[The following is Robert Spencer's letter to the editor at TheDartmouth.com]
In “‘Islamo-fascism’ speaker met with controversy” (Oct. 29), Chloe Mulderig ‘05 says that “Robert Spencer is unfortunately bringing hate speech on campus and hates Islam itself.” She offers no evidence for this. I ask anyone and everyone, including Chloe Mulderig, to listen to the talk I gave at Dartmouth and to come up with even a single example of “hate speech.” (Video at: http://video.google.com/videoplay?docid=8551343616805295050&hl=en.)
Later on she says that “[Spencer’s assertion] that the Koran says it is okay to beat women is incorrect and offensive.”
Is that so?
Koran 4:34 tells men to beat their disobedient wives after first warning them and then sending them to sleep in separate beds. This is, of course, an extremely controversial verse, so it is worth noting how several translators render the key word here, waidriboohunna:
Pickthall: “and scourge them”
Yusuf Ali: “(And last) beat them (lightly)”
Al-Hilali/Khan: “(and last) beat them (lightly, if it is useful)”
Shakir: “and beat them”
Sher Ali: “and chastise them”
Khalifa: “then you may (as a last alternative) beat them”
Arberry: “and beat them”
Rodwell: “and scourge them”
Sale: “and chastise them”
Asad: “then beat them”
Pickthall, Yusuf Ali, Al-Hilali/Khan, Shakir, Sher Ali, Khalifa and Asad are Muslims. Are their translations all “incorrect and offensive?”
Laleh Bakhtiar, in a new translation that has received wide publicity, translates Koran 4:34 as “go away from them.” In light of this unanimity among the translators, both Muslim and non-Muslim, this seems difficult to sustain — all of these authorities got the passage wrong until Bakhtiar? But her impulse is understandable, as many Muslims today regard this verse with acute embarrassment. Asad adduces numerous traditions in which Muhammad “forbade the beating of any woman,” concluding that wife-beating is “barely permissible, and should preferably be avoided.”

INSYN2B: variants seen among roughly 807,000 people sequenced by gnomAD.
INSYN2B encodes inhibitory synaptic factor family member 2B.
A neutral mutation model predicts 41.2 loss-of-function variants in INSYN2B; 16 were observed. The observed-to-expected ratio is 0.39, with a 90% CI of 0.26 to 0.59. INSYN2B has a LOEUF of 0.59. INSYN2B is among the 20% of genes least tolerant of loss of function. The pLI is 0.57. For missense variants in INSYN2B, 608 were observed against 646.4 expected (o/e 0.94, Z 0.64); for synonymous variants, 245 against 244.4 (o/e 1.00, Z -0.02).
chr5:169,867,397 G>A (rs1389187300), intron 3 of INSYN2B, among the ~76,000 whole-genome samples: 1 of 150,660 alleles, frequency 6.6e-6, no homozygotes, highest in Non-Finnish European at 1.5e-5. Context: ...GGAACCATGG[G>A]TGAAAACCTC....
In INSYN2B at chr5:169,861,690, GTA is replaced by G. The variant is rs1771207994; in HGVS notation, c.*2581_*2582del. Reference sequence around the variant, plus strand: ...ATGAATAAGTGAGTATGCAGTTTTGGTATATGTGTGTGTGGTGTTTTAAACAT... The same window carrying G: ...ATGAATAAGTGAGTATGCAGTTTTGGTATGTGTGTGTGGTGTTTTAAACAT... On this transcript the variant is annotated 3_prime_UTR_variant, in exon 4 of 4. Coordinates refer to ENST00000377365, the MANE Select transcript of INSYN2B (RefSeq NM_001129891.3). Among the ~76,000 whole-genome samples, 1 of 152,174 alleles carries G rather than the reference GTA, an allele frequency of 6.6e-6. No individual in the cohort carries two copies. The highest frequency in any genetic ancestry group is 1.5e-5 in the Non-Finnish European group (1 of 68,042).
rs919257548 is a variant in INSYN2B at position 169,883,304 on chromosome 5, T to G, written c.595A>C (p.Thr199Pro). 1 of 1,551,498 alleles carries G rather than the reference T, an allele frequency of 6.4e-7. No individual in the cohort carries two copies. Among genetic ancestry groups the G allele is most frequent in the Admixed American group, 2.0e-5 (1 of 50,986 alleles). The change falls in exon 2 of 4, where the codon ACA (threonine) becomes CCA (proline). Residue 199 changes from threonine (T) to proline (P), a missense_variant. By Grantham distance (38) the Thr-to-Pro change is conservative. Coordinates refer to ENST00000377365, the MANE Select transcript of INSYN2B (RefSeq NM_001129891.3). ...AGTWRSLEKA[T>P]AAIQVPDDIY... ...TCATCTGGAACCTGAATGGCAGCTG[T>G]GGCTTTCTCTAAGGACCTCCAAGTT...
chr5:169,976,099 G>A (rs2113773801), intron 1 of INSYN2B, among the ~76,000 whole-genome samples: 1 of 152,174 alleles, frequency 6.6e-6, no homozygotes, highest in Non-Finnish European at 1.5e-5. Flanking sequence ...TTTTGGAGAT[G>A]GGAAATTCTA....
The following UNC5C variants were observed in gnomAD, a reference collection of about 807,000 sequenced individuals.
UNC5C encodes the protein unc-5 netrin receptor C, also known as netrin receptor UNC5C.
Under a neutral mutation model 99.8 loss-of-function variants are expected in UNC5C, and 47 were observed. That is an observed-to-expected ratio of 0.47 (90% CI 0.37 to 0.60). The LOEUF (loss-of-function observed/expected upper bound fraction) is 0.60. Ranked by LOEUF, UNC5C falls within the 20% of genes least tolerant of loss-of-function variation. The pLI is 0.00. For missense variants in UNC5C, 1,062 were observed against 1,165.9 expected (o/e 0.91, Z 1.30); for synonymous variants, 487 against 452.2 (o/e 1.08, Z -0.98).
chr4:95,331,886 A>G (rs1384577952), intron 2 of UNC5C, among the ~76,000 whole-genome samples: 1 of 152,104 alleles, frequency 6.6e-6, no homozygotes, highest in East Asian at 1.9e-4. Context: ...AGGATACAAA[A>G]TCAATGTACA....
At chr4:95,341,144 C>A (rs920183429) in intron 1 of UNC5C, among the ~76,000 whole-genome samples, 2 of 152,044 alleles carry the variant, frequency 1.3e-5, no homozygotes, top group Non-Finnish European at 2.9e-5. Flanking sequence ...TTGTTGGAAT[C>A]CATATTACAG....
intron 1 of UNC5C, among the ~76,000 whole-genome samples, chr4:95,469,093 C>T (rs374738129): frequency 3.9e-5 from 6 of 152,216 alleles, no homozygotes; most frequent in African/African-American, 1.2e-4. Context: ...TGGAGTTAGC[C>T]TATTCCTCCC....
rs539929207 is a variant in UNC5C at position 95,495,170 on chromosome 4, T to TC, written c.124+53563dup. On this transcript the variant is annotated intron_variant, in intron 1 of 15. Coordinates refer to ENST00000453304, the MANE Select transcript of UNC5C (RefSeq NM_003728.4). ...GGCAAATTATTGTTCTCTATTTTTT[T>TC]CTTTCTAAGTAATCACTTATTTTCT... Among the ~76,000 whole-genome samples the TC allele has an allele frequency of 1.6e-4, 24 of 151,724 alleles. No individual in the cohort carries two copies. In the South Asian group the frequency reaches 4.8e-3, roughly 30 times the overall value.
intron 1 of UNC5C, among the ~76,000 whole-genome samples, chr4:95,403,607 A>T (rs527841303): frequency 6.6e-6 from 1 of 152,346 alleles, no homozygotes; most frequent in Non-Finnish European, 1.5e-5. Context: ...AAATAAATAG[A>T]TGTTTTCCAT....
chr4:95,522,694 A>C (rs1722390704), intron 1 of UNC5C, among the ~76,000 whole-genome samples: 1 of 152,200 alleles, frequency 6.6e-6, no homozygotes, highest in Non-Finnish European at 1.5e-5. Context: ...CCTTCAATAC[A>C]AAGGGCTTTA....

Unfortunately, however, this is not a unanimous view. Sheikh Syed Mahmud Allusi in his commentary Ruhul Ma’ani gives four reasons that a man may beat his wife: “if she refuses to beautify herself for him,” if she refuses sex when he asks for it, if she refuses to pray or perform ritual ablutions, and “if she goes out of the house without a valid excuse.”
But Mulderig would apparently prefer to pretend that I made this up rather than deal with Muslim approval of wife-beating.
Mulderig also says: “Though a part of Spencer’s agenda is to increase awareness [of terrorism], the other part is to hate on Muslims.”
These are false and libelous charges. I argued during the talk that peaceful Muslims were among the victims of jihadists who deem them insufficiently Muslim. It is an act of hate to make false and libelous charges against someone one opposes. Mulderig should retract these charges, and apologize.